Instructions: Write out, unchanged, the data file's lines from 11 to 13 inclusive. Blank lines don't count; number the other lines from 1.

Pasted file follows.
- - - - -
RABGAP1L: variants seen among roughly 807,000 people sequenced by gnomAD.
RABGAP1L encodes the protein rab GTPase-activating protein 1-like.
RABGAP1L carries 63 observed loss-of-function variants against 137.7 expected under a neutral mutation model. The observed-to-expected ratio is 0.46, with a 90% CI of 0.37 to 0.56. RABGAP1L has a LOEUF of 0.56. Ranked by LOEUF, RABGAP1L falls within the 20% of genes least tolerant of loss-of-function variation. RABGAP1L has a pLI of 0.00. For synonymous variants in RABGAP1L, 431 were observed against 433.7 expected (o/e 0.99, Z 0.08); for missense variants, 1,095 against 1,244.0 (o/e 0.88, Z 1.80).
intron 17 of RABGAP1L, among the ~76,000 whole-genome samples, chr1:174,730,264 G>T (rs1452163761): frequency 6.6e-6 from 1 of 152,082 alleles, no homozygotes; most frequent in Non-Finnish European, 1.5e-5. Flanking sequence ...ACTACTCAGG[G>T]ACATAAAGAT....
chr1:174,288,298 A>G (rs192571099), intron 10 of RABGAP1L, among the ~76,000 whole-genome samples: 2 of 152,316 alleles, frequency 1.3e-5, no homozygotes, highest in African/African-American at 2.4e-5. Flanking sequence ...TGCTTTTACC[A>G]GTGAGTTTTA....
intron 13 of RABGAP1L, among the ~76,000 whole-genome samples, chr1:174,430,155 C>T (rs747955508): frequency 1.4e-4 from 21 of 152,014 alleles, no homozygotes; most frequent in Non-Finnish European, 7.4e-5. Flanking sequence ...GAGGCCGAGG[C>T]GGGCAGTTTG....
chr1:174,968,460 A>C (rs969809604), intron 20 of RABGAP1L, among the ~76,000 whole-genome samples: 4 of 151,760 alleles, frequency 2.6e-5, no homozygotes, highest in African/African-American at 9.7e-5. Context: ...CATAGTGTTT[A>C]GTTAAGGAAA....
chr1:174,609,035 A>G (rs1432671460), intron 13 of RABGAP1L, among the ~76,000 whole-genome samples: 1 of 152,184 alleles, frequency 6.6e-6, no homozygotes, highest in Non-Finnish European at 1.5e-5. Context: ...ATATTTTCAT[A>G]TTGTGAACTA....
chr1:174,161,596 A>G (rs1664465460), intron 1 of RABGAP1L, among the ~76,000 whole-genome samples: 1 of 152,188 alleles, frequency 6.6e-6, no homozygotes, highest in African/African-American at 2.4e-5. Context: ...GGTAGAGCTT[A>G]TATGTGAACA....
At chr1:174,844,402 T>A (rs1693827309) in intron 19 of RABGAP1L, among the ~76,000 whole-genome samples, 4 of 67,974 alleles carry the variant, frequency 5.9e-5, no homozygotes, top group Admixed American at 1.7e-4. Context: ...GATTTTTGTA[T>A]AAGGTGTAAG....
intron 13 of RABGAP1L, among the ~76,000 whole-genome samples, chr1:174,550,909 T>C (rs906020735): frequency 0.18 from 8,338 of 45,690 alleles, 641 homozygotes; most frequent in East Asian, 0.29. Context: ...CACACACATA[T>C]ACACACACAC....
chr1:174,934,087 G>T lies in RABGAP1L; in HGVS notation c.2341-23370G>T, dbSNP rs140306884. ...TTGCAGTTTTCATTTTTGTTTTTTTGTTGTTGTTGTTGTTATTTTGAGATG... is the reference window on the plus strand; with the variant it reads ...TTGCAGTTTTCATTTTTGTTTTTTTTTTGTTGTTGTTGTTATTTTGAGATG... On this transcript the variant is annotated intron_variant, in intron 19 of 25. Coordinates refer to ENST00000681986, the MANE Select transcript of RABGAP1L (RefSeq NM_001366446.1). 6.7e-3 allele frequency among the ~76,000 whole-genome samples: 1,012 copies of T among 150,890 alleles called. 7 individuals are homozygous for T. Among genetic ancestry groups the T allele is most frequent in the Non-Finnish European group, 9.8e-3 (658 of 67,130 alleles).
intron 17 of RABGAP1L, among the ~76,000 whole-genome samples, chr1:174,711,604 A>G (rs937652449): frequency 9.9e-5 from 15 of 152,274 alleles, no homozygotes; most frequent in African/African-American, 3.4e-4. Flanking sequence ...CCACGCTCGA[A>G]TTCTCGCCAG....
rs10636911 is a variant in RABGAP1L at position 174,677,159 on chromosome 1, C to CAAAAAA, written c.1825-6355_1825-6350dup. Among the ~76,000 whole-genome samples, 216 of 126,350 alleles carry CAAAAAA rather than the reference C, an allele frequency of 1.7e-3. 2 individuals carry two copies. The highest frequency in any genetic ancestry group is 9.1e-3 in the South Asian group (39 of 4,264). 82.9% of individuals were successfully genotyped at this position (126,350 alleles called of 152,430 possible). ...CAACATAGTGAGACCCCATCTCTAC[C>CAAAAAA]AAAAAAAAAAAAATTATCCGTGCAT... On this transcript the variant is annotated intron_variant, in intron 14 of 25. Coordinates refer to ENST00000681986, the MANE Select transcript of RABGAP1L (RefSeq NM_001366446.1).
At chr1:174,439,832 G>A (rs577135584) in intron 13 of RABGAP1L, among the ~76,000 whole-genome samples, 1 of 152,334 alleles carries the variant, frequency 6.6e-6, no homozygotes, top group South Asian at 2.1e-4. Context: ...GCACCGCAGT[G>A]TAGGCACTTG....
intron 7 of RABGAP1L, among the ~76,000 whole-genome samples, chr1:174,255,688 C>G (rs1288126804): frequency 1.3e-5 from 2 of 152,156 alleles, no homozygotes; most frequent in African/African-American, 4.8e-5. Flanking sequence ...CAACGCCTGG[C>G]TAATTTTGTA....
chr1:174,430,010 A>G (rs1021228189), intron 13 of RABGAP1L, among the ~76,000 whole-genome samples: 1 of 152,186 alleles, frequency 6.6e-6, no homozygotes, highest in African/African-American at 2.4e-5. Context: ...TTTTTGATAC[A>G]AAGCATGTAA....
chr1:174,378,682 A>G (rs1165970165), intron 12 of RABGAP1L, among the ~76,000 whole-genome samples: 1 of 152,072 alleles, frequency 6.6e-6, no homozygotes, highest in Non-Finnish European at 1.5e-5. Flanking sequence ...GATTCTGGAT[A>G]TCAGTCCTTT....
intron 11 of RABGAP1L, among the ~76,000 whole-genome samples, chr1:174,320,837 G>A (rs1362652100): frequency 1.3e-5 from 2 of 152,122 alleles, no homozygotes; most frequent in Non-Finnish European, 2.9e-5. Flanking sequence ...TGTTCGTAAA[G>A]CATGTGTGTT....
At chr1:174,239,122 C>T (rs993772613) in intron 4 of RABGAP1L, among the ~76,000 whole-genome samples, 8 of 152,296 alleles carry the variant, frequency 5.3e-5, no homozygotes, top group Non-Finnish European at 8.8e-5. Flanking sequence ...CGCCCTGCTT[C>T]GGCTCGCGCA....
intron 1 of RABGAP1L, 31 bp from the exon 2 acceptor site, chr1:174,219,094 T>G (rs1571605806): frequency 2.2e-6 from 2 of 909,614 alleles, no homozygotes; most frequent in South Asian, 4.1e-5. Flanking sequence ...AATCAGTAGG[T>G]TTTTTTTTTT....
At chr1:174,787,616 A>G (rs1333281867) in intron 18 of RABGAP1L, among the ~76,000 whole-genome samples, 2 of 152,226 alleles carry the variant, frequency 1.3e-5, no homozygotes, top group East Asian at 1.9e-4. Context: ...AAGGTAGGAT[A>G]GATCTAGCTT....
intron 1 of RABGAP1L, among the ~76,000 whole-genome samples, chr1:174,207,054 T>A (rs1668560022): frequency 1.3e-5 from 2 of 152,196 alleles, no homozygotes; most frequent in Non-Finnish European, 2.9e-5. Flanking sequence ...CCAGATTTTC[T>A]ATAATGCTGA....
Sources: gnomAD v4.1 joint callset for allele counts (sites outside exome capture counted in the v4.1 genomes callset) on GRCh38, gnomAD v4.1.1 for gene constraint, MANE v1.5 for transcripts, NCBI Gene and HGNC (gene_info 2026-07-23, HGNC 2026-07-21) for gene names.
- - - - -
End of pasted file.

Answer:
intron 13 of RABGAP1L, among the ~76,000 whole-genome samples, chr1:174,550,909 T>C (rs906020735): frequency 0.18 from 8,338 of 45,690 alleles, 641 homozygotes; most frequent in East Asian, 0.29. Context: ...CACACACATA[T>C]ACACACACAC....
chr1:174,934,087 G>T lies in RABGAP1L; in HGVS notation c.2341-23370G>T, dbSNP rs140306884. ...TTGCAGTTTTCATTTTTGTTTTTTTGTTGTTGTTGTTGTTATTTTGAGATG... is the reference window on the plus strand; with the variant it reads ...TTGCAGTTTTCATTTTTGTTTTTTTTTTGTTGTTGTTGTTATTTTGAGATG... On this transcript the variant is annotated intron_variant, in intron 19 of 25. Coordinates refer to ENST00000681986, the MANE Select transcript of RABGAP1L (RefSeq NM_001366446.1). 6.7e-3 allele frequency among the ~76,000 whole-genome samples: 1,012 copies of T among 150,890 alleles called. 7 individuals are homozygous for T. Among genetic ancestry groups the T allele is most frequent in the Non-Finnish European group, 9.8e-3 (658 of 67,130 alleles).
intron 17 of RABGAP1L, among the ~76,000 whole-genome samples, chr1:174,711,604 A>G (rs937652449): frequency 9.9e-5 from 15 of 152,274 alleles, no homozygotes; most frequent in African/African-American, 3.4e-4. Flanking sequence ...CCACGCTCGA[A>G]TTCTCGCCAG....